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May-June 2010

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The 2009 Atlantic Hurricane Season: A Slow Summer, Quiet Fall

The 2009 Atlantic hurricane season was marked by below-average tropical cyclone activity with the formation of nine tropical storms and three hurricanes, the lowest numbers since the 1997 Atlantic hurricane season. Two of the hurricanes strengthened into major hurricanes, or Category 3 or higher on the Saffir-Simpson Hurricane Wind Scale. The numbers of tropical storms and hurricanes were below the long-term averages of 11 and six, respectively, although the number of major hurricanes equaled the long-term (1966 to the present) average of two. In terms of the accumulated cyclone energy (ACE) index,1 2009 had 60 percent of the long-term median ACE, also the lowest value since 1997. In addition, Tropical Storm Ana's formation on August 11 marked the latest formation of a tropical storm in a season since 1983, when Hurricane Alicia formed on August 15. The below-normal activity appears to have been the result of strong vertical wind shear and large-scale sinking in the tropical atmosphere, associated with the development of El Niño during the summer months.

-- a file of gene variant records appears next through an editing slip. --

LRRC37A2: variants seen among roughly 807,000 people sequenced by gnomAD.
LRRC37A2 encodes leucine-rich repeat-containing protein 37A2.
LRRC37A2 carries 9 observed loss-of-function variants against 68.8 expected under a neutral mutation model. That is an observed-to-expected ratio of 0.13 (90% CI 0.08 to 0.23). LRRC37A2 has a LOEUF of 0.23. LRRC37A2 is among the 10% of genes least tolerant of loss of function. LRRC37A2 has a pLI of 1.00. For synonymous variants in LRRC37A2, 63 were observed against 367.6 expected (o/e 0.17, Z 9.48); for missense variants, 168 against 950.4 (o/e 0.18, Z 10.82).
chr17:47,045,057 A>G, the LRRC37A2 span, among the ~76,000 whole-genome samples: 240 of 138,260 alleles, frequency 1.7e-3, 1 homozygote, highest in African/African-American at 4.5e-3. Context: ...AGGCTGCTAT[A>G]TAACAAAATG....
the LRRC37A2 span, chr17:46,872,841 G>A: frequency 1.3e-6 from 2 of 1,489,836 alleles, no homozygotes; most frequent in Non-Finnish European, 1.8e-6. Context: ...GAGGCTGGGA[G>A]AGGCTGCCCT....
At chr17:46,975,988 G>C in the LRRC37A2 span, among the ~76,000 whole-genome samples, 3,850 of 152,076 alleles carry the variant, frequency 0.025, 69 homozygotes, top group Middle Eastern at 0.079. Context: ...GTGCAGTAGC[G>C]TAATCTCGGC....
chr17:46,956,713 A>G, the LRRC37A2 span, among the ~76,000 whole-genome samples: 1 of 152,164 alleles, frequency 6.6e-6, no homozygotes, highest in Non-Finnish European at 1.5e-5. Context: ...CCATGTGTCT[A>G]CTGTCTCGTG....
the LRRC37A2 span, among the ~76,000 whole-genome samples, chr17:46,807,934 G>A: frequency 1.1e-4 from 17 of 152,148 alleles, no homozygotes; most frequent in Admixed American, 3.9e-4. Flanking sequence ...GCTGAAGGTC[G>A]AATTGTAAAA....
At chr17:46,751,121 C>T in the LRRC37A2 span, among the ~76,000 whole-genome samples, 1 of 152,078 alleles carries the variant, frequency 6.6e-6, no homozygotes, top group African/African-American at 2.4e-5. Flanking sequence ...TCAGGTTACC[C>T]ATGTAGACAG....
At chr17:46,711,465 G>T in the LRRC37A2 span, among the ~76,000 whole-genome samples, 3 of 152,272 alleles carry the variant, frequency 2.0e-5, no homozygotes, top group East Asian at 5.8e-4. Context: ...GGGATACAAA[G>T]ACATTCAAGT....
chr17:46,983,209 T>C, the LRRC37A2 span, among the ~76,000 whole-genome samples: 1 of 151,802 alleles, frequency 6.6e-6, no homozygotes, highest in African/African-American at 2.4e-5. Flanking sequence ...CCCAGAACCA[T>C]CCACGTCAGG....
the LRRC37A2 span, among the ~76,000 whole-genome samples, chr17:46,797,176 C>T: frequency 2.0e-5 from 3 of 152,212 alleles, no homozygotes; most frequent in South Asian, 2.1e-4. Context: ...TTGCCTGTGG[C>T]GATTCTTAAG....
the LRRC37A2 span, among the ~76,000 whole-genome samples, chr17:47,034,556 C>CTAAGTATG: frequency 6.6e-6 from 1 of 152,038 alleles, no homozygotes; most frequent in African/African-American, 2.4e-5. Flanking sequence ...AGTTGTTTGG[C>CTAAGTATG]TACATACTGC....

ROBBIE BERG are hurricane specialists at the National Hurricane Center (NHC) in Miami, Florida. The cyclone summaries are based on Tropical Cyclone Reports prepared by the authors and other specialists at NHC, including Jack Beven, Eric Blake, Michael Brennan, Daniel Brown, John Cangialosi, Todd Kimberlain, and Richard Pasch. The reports are available online at http://www.nhc.noaa.gov/2009atlan.shtml.

LIXION AVILA are hurricane specialists at the National Hurricane Center (NHC) in Miami, Florida. The cyclone summaries are based on Tropical Cyclone Reports prepared by the authors and other specialists at NHC, including Jack Beven, Eric Blake, Michael Brennan, Daniel Brown, John Cangialosi, Todd Kimberlain, and Richard Pasch. The reports are available online at http://www.nhc.noaa.gov/2009atlan.shtml.

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